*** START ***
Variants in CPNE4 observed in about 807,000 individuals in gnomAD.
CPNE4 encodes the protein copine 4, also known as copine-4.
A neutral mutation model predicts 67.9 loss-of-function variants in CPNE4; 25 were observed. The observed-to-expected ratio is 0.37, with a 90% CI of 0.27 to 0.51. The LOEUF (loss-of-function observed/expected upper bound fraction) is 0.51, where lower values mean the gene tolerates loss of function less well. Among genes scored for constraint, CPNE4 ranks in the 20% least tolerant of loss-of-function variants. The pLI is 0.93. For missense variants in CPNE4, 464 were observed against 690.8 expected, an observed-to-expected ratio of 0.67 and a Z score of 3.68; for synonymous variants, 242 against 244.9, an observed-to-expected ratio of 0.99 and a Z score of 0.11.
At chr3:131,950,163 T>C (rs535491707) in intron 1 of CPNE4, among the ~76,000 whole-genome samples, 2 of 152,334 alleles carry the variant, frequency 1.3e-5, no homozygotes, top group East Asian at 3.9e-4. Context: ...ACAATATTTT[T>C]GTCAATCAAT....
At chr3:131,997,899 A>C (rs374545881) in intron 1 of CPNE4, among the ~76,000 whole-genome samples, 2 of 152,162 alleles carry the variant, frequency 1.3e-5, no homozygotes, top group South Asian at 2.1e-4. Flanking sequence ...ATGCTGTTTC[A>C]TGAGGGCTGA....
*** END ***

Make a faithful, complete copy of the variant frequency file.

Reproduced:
Variants in CPNE4 observed in about 807,000 individuals in gnomAD.
CPNE4 encodes the protein copine 4, also known as copine-4.
A neutral mutation model predicts 67.9 loss-of-function variants in CPNE4; 25 were observed. The observed-to-expected ratio is 0.37, with a 90% CI of 0.27 to 0.51. The LOEUF (loss-of-function observed/expected upper bound fraction) is 0.51, where lower values mean the gene tolerates loss of function less well. Among genes scored for constraint, CPNE4 ranks in the 20% least tolerant of loss-of-function variants. The pLI is 0.93. For missense variants in CPNE4, 464 were observed against 690.8 expected, an observed-to-expected ratio of 0.67 and a Z score of 3.68; for synonymous variants, 242 against 244.9, an observed-to-expected ratio of 0.99 and a Z score of 0.11.
At chr3:131,950,163 T>C (rs535491707) in intron 1 of CPNE4, among the ~76,000 whole-genome samples, 2 of 152,334 alleles carry the variant, frequency 1.3e-5, no homozygotes, top group East Asian at 3.9e-4. Context: ...ACAATATTTT[T>C]GTCAATCAAT....
At chr3:131,997,899 A>C (rs374545881) in intron 1 of CPNE4, among the ~76,000 whole-genome samples, 2 of 152,162 alleles carry the variant, frequency 1.3e-5, no homozygotes, top group South Asian at 2.1e-4. Flanking sequence ...ATGCTGTTTC[A>C]TGAGGGCTGA....